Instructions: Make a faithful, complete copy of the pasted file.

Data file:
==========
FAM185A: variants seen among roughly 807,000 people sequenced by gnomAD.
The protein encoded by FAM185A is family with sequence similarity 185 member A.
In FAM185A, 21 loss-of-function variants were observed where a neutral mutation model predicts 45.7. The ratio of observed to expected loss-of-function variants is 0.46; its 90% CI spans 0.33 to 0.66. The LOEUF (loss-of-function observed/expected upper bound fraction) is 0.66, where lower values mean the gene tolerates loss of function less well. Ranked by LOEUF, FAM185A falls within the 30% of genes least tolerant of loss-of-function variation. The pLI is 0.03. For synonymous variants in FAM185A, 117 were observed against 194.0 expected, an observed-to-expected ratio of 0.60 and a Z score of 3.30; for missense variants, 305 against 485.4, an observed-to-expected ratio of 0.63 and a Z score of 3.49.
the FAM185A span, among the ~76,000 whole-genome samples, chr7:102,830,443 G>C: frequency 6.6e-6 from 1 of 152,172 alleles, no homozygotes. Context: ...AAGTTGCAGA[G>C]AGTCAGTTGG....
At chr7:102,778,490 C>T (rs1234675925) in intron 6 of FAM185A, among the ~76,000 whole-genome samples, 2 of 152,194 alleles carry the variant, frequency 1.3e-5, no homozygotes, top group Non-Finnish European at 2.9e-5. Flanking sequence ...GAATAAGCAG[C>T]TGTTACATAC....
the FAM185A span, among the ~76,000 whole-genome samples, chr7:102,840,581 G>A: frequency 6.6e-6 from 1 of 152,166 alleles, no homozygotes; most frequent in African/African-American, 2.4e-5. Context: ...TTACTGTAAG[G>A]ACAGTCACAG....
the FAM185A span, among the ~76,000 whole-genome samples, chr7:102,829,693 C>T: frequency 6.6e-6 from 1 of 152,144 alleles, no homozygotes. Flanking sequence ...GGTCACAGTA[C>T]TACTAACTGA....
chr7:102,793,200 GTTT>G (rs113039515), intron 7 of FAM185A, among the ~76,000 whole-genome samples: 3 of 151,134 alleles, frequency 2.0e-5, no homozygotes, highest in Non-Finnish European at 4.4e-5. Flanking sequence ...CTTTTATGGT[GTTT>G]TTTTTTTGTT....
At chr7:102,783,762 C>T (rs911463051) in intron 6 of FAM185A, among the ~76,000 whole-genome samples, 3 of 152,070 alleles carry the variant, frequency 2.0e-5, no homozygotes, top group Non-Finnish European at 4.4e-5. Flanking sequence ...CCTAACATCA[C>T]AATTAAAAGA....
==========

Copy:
FAM185A: variants seen among roughly 807,000 people sequenced by gnomAD.
The protein encoded by FAM185A is family with sequence similarity 185 member A.
In FAM185A, 21 loss-of-function variants were observed where a neutral mutation model predicts 45.7. The ratio of observed to expected loss-of-function variants is 0.46; its 90% CI spans 0.33 to 0.66. The LOEUF (loss-of-function observed/expected upper bound fraction) is 0.66, where lower values mean the gene tolerates loss of function less well. Ranked by LOEUF, FAM185A falls within the 30% of genes least tolerant of loss-of-function variation. The pLI is 0.03. For synonymous variants in FAM185A, 117 were observed against 194.0 expected, an observed-to-expected ratio of 0.60 and a Z score of 3.30; for missense variants, 305 against 485.4, an observed-to-expected ratio of 0.63 and a Z score of 3.49.
the FAM185A span, among the ~76,000 whole-genome samples, chr7:102,830,443 G>C: frequency 6.6e-6 from 1 of 152,172 alleles, no homozygotes. Context: ...AAGTTGCAGA[G>C]AGTCAGTTGG....
At chr7:102,778,490 C>T (rs1234675925) in intron 6 of FAM185A, among the ~76,000 whole-genome samples, 2 of 152,194 alleles carry the variant, frequency 1.3e-5, no homozygotes, top group Non-Finnish European at 2.9e-5. Flanking sequence ...GAATAAGCAG[C>T]TGTTACATAC....
the FAM185A span, among the ~76,000 whole-genome samples, chr7:102,840,581 G>A: frequency 6.6e-6 from 1 of 152,166 alleles, no homozygotes; most frequent in African/African-American, 2.4e-5. Context: ...TTACTGTAAG[G>A]ACAGTCACAG....
the FAM185A span, among the ~76,000 whole-genome samples, chr7:102,829,693 C>T: frequency 6.6e-6 from 1 of 152,144 alleles, no homozygotes. Flanking sequence ...GGTCACAGTA[C>T]TACTAACTGA....
chr7:102,793,200 GTTT>G (rs113039515), intron 7 of FAM185A, among the ~76,000 whole-genome samples: 3 of 151,134 alleles, frequency 2.0e-5, no homozygotes, highest in Non-Finnish European at 4.4e-5. Flanking sequence ...CTTTTATGGT[GTTT>G]TTTTTTTGTT....
At chr7:102,783,762 C>T (rs911463051) in intron 6 of FAM185A, among the ~76,000 whole-genome samples, 3 of 152,070 alleles carry the variant, frequency 2.0e-5, no homozygotes, top group Non-Finnish European at 4.4e-5. Flanking sequence ...CCTAACATCA[C>T]AATTAAAAGA....